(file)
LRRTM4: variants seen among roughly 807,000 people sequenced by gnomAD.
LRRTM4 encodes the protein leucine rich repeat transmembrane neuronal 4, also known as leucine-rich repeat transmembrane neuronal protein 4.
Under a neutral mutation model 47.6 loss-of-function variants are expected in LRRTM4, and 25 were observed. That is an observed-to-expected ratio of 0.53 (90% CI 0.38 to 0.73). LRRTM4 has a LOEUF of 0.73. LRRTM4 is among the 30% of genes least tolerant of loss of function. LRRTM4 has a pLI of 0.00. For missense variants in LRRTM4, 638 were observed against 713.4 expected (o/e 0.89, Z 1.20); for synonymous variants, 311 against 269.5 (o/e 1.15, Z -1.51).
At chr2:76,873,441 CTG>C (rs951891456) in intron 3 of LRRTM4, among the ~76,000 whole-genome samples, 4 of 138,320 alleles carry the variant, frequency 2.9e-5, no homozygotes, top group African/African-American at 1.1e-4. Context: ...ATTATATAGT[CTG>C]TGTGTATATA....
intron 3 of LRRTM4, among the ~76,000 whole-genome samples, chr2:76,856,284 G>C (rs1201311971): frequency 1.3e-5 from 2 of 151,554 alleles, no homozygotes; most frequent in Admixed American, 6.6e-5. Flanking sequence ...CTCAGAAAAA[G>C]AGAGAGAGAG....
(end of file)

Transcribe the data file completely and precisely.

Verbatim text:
LRRTM4: variants seen among roughly 807,000 people sequenced by gnomAD.
LRRTM4 encodes the protein leucine rich repeat transmembrane neuronal 4, also known as leucine-rich repeat transmembrane neuronal protein 4.
Under a neutral mutation model 47.6 loss-of-function variants are expected in LRRTM4, and 25 were observed. That is an observed-to-expected ratio of 0.53 (90% CI 0.38 to 0.73). LRRTM4 has a LOEUF of 0.73. LRRTM4 is among the 30% of genes least tolerant of loss of function. LRRTM4 has a pLI of 0.00. For missense variants in LRRTM4, 638 were observed against 713.4 expected (o/e 0.89, Z 1.20); for synonymous variants, 311 against 269.5 (o/e 1.15, Z -1.51).
At chr2:76,873,441 CTG>C (rs951891456) in intron 3 of LRRTM4, among the ~76,000 whole-genome samples, 4 of 138,320 alleles carry the variant, frequency 2.9e-5, no homozygotes, top group African/African-American at 1.1e-4. Context: ...ATTATATAGT[CTG>C]TGTGTATATA....
intron 3 of LRRTM4, among the ~76,000 whole-genome samples, chr2:76,856,284 G>C (rs1201311971): frequency 1.3e-5 from 2 of 151,554 alleles, no homozygotes; most frequent in Admixed American, 6.6e-5. Flanking sequence ...CTCAGAAAAA[G>C]AGAGAGAGAG....